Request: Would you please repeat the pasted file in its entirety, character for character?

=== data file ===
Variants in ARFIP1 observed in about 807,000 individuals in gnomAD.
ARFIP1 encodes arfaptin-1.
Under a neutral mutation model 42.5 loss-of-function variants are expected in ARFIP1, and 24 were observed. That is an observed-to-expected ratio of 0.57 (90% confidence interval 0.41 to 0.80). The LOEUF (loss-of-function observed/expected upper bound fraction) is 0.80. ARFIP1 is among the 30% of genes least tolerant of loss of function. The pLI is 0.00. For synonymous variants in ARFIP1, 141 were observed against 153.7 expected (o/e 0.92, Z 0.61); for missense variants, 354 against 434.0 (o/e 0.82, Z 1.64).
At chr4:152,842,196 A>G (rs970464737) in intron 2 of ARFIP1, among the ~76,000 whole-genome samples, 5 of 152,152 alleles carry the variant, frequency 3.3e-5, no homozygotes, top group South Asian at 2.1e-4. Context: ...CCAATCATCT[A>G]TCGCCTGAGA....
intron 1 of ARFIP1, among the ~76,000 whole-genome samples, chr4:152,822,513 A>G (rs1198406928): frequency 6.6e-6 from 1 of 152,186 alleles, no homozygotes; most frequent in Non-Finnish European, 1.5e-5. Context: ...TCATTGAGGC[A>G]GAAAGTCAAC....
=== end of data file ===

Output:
Variants in ARFIP1 observed in about 807,000 individuals in gnomAD.
ARFIP1 encodes arfaptin-1.
Under a neutral mutation model 42.5 loss-of-function variants are expected in ARFIP1, and 24 were observed. That is an observed-to-expected ratio of 0.57 (90% confidence interval 0.41 to 0.80). The LOEUF (loss-of-function observed/expected upper bound fraction) is 0.80. ARFIP1 is among the 30% of genes least tolerant of loss of function. The pLI is 0.00. For synonymous variants in ARFIP1, 141 were observed against 153.7 expected (o/e 0.92, Z 0.61); for missense variants, 354 against 434.0 (o/e 0.82, Z 1.64).
At chr4:152,842,196 A>G (rs970464737) in intron 2 of ARFIP1, among the ~76,000 whole-genome samples, 5 of 152,152 alleles carry the variant, frequency 3.3e-5, no homozygotes, top group South Asian at 2.1e-4. Context: ...CCAATCATCT[A>G]TCGCCTGAGA....
intron 1 of ARFIP1, among the ~76,000 whole-genome samples, chr4:152,822,513 A>G (rs1198406928): frequency 6.6e-6 from 1 of 152,186 alleles, no homozygotes; most frequent in Non-Finnish European, 1.5e-5. Context: ...TCATTGAGGC[A>G]GAAAGTCAAC....